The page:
A | B | |||
a | b | c | d | |
1 | 2 | 2 | 4 | |
2 | 1 | 3 | 3 |
in the query
SELECT * FROM A, B; |
a | b | c | d |
1 | 2 | 2 | 4 |
1 | 2 | 3 | 3 |
2 | 1 | 2 | 4 |
2 | 1 | 3 | 3 |
As a rule, the table listing is used with the condition of joining records from different tables in the WHERE clause. The condition for the above tables may be a coincidence of the values, say, in the columns a and c:
SELECT * FROM A, B WHERE a=c; |
Now the result set of that query is the following table:
a | b | c | d |
2 | 1 | 2 | 4 |
i.e. only those table rows that have equal values in specified columns (equi-join) are joined. Although some arbitrary conditions may be used, nevertheless the equi-join is most commonly used because this operation reproduces a certain entity split by two entities as a result of a normalization process.
Even though different tables have columns with the same names, the dot notation is needed for uniqueness:
<table name>.<column name>
In cases where ambiguity is not available, that notation need not be used.
Example. Find the model and the maker of PC priced below $600:
SELECT DISTINCT PC.model, maker FROM PC, Product WHERE PC.model = Product.model AND price < 600; |
model | maker |
1232 | A |
1260 | E |
Sometimes the table in the FROM clause need to be pointed more than once. In this case renaming is indispensable.
Example. Find the model pairs with equal price:
SELECT DISTINCT A.model AS model_1, B.model AS model_2 FROM PC AS A, PC B WHERE A.price = B.price AND A.model < B.model; |
model_1 | model_2 |
1232 | 1233 |
1232 | 1260 |
Renaming is also needed in case the FROM clause uses a subquery. So, the first example can be rewritten as follows:
SELECT DISTINCT PC.model, maker FROM PC, (SELECT maker, model FROM Product) AS prod WHERE PC.model = prod.model AND price < 600; |
Note that in this case the Product qualifier may not be already used in other clauses of the SELECT statement. This is because the Product table is just out of use. Instead of this name the prod alias is used. Moreover, references are only possible to those Product table columns listed in the subquery.
FROM <table1>
[INNER]
| {{LEFT | RIGHT | FULL } [OUTER]} JOIN <table2>
[ON <predicate>]
A join type may be either the inner or one of the outers. The INNER and OUTER keywords may be omitted, because the outer join is uniquely defined by its type: LEFT, RIGHT, or FULL, whereas the inner join is simply refered to as JOIN.
A predicate specifies the condition of joining the rows from different tables. In so doing INNER JOIN means that the result set will only include those combinations of rows in two tables for which the predicate elavuates to TRUE. As a rule, the predicate specifies the equi-join on foreign and primary keys of the tables joined, although need not be so.
Example. Find the maker, model number, and price for each computer in the database:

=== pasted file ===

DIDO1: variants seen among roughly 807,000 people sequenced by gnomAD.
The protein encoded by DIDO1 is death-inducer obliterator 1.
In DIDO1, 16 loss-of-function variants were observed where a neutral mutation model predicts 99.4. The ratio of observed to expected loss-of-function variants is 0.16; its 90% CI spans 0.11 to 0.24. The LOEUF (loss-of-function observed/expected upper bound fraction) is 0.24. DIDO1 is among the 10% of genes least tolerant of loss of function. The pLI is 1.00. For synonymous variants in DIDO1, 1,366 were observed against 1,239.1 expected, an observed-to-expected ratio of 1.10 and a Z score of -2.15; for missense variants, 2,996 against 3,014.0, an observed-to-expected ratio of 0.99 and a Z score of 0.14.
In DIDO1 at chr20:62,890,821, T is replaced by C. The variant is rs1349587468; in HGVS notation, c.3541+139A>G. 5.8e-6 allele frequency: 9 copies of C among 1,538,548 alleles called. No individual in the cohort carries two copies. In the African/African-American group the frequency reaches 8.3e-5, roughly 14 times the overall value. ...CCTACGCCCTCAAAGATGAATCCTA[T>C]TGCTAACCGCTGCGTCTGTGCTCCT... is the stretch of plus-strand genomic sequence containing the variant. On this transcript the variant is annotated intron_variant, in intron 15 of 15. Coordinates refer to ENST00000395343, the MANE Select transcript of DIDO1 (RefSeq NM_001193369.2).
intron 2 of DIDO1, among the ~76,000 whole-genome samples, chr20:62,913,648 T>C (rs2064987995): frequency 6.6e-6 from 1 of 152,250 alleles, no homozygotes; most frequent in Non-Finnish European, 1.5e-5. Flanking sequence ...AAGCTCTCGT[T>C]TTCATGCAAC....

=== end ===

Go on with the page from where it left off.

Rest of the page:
SELECT maker, Product.model AS model_1, PC.model AS model_2, price FROM Product INNER JOIN PC ON PC.model = Product.model ORDER BY maker, PC.model; |
maker | model_1 | model_2 | price |
A | 1232 | 1232 | 600.0 |
A | 1232 | 1232 | 400.0 |
A | 1232 | 1232 | 350.0 |
A | 1232 | 1232 | 350.0 |
A | 1233 | 1233 | 600.0 |
A | 1233 | 1233 | 950.0 |
A | 1233 | 1233 | 980.0 |
B | 1121 | 1121 | 850.0 |
B | 1121 | 1121 | 850.0 |
B | 1121 | 1121 | 850.0 |
E | 1260 | 1260 | 350.0 |
The LEFT JOIN implies that all the rows from the first (left) table are to be in the result set along with the rows for which the predicate evaluates to true. In so doing, the non-matching colunm values in the right table are returned as null values.
Example. Find all PC models, makers, and prices:
SELECT maker, Product.model AS model_1, PC.model AS model_2, price FROM Product LEFT JOIN PC ON PC.model = Product.model WHERE type = 'PC' ORDER BY maker, PC.model; |
maker | model_1 | model_2 | price |
A | 1232 | 1232 | 600.0 |
A | 1232 | 1232 | 400.0 |
A | 1232 | 1232 | 350.0 |
A | 1232 | 1232 | 350.0 |
A | 1233 | 1233 | 600.0 |
A | 1233 | 1233 | 950.0 |
A | 1233 | 1233 | 980.0 |
B | 1121 | 1121 | 850.0 |
B | 1121 | 1121 | 850.0 |
B | 1121 | 1121 | 850.0 |
E | 2111 | NULL | NULL |
E | 2112 | NULL | NULL |
E | 1260 | 1260 | 350.0 |
Because models 2111 and 2112 in the Product table are absent in the PC
table, the columns of the PC table contain NULL.
The RIGHT JOIN is the reverse of the LEFT JOIN, i.e. the result set will
include all the rows from the second table and only those rows from the first table
for which the join condition is met. In our case the left join
Product LEFT JOIN PC ON PC.model = Product.model
will be equivalent to the following right join
PC RIGHT JOIN Product ON PC.model = Product.model
Just the query
SELECT maker, Product.model AS model_1, PC.model AS model_2, price FROM Product RIGHT JOIN PC ON PC.model = Product.model ORDER BY maker, PC.model; |
SELECT A.*, B.* FROM A FULL JOIN B ON A.a = B.c; |
a | b | c | d |
1 | 2 | NULL | NULL |
2 | 1 | 2 | 4 |
NULL | NULL | 3 | 3 |
Note this join is symmetrical, i.e. "A FULL JOIN B" is equivalent to "B FULL JOIN A". Also, it should be noted that notation A.* implies "all column from the table".
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